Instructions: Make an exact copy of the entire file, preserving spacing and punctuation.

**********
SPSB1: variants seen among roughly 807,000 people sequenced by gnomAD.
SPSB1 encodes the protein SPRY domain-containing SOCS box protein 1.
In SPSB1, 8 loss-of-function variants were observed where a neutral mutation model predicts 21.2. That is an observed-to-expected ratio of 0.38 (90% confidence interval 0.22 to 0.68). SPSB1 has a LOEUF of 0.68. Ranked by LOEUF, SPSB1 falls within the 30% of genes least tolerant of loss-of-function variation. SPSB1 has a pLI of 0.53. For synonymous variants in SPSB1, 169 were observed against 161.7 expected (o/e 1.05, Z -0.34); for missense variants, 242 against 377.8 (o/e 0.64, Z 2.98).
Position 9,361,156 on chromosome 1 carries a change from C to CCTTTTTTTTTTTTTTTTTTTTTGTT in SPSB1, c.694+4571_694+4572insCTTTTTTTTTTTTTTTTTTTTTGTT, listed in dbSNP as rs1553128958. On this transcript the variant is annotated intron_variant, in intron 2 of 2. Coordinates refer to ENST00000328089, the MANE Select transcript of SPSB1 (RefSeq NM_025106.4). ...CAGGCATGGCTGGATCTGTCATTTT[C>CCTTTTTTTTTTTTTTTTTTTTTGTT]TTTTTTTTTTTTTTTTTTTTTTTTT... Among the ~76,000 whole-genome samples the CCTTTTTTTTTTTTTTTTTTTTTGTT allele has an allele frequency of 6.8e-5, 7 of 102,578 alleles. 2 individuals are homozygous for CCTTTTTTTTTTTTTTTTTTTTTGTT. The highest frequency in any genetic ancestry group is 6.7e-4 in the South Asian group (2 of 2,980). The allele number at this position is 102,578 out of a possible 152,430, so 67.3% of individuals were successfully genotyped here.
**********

SPSB1: variants seen among roughly 807,000 people sequenced by gnomAD.
SPSB1 encodes the protein SPRY domain-containing SOCS box protein 1.
In SPSB1, 8 loss-of-function variants were observed where a neutral mutation model predicts 21.2. That is an observed-to-expected ratio of 0.38 (90% confidence interval 0.22 to 0.68). SPSB1 has a LOEUF of 0.68. Ranked by LOEUF, SPSB1 falls within the 30% of genes least tolerant of loss-of-function variation. SPSB1 has a pLI of 0.53. For synonymous variants in SPSB1, 169 were observed against 161.7 expected (o/e 1.05, Z -0.34); for missense variants, 242 against 377.8 (o/e 0.64, Z 2.98).
Position 9,361,156 on chromosome 1 carries a change from C to CCTTTTTTTTTTTTTTTTTTTTTGTT in SPSB1, c.694+4571_694+4572insCTTTTTTTTTTTTTTTTTTTTTGTT, listed in dbSNP as rs1553128958. On this transcript the variant is annotated intron_variant, in intron 2 of 2. Coordinates refer to ENST00000328089, the MANE Select transcript of SPSB1 (RefSeq NM_025106.4). ...CAGGCATGGCTGGATCTGTCATTTT[C>CCTTTTTTTTTTTTTTTTTTTTTGTT]TTTTTTTTTTTTTTTTTTTTTTTTT... Among the ~76,000 whole-genome samples the CCTTTTTTTTTTTTTTTTTTTTTGTT allele has an allele frequency of 6.8e-5, 7 of 102,578 alleles. 2 individuals are homozygous for CCTTTTTTTTTTTTTTTTTTTTTGTT. The highest frequency in any genetic ancestry group is 6.7e-4 in the South Asian group (2 of 2,980). The allele number at this position is 102,578 out of a possible 152,430, so 67.3% of individuals were successfully genotyped here.